He graduated from the University of Bridgeport in 1989 with a Bachelor’s Degree in Business Administration and an Associates Degree in Paralegal Studies.
He was appointed as a probationary officer in Orange on June 23, 1995.
He was assigned to the patrol division from June 1995 to February 2008.
In February 2008 the was assigned to the Investigative Services Unit, serving as the Youth and DARE Officer and in the capacity of School Resource Officer.
Sgt. Aquino went to school to become a child safety technician (installing child safety seats in vehicles).
He and wife, Francine have been married 25 years (on July 19) and they have two sons, John and Michael.
Congratulations John, thank you for your service and your friendship over the years. I wish you only happiness and success in your future endeavors. You are already missed.
Happy Anniversary to you and Francine.
It’s that time of year again, people have already begun lighting up fireworks across the state, as the Fourth of July approaches, fireworks vendors are beginning to sell their wares.
We all look forward to the summer weather and celebrating the opportunity to be outdoors at picnics, barbecues, and other events. At many of these smaller than usual gatherings, the use of fireworks, both legal and illegal, is on the rise. When used legally and safely by professionals, fireworks can be enjoyed. Unfortunately, numerous incidents of injuries, fatalities, or accidental fires caused by the private use of fireworks are reported each year across the United States.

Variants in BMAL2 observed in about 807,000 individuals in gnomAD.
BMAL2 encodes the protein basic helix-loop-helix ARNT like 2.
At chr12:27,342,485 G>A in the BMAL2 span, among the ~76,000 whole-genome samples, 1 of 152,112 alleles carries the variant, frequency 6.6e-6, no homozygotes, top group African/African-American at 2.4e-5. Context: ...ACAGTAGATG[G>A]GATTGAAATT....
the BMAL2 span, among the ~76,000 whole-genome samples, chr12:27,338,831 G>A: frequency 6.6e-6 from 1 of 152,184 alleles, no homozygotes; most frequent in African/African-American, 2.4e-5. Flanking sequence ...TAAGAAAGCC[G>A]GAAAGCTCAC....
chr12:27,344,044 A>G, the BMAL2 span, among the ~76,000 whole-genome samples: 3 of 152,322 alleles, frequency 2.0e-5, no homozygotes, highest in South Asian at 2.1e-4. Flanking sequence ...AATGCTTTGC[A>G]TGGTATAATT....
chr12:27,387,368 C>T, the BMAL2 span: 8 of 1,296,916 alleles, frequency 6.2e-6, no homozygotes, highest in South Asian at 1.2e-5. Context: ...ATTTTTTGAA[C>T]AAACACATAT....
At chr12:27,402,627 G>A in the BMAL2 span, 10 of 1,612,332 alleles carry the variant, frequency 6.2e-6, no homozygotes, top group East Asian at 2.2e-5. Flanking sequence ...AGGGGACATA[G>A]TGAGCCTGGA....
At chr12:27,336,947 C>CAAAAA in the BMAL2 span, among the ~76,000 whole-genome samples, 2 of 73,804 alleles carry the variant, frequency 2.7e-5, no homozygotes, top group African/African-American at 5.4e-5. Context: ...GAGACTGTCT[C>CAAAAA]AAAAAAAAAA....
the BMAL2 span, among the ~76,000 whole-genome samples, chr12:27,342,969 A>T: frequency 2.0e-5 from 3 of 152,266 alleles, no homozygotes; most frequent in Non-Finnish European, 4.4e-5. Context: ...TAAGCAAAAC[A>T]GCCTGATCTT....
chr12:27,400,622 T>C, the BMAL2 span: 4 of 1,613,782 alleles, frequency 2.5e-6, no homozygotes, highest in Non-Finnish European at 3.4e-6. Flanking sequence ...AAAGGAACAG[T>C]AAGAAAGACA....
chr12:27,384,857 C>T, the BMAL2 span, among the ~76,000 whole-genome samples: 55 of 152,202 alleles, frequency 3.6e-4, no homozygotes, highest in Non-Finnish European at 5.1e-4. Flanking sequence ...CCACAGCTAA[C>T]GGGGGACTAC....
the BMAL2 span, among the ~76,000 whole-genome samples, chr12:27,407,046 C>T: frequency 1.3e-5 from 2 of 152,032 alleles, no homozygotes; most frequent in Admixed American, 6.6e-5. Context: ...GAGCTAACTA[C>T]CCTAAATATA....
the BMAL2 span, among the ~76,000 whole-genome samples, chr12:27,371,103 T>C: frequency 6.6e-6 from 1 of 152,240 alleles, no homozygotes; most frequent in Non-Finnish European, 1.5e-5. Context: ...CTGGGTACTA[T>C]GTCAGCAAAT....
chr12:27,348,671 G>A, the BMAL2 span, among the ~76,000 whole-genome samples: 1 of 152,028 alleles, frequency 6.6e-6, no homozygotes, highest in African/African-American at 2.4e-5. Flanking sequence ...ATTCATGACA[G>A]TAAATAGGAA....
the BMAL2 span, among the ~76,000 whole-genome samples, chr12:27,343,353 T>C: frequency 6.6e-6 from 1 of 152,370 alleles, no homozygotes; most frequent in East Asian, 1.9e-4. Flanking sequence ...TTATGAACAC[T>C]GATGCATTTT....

Several years ago, the State of Connecticut made it legal for any person sixteen (16) years of age or older to possess, sell, or use any sparkling device. The use of any type of sparkling device by a person under the age of 16 is illegal.
NO OTHER TYPES OF FIREWORKS ARE LEGAL UNDER THE PROVISIONS OF PUBLIC ACT 00-198! This includes, but is not limited to, devices known as “M-80’s,” “Cherry Bombs,” “Bottle Rockets,” and any device that is explosive or aerial such as ground displays or roman candles. While the use of sparkling devices is legal in Connecticut, they can be dangerous if not used properly.
The Orange Fire Marshal’s Office asks that you remember the following safety guidelines.
• When handling a sparkling device, wear protective goggles and gloves. Sparklers can reach temperatures of up to 1,800 degrees Fahrenheit once they are lit and many burns and eye injuries have been reported as a result of improper use.
• Do not use ANY open flame devices when dry ground conditions are present. The Fire Danger Level is available at their website, www.orangefiremarshal.com or by calling the Fire Marshal’s Office at 203-891-4711.
• Be aware of your surroundings. Be sure others are a safe distance away before igniting any sparkling device.
• DO NOT ALLOW CHILDREN TO HANDLE ANY TYPE OF SPARKLING DEVICE.
• Always have a source of extinguishment. A garden hose or fire extinguisher can quickly put out a small fire before it gets out of control, only if it is close by. Anytime there is a fire or other emergency, do not hesitate to call 911. A delay in a call can make a tragic difference in the outcome.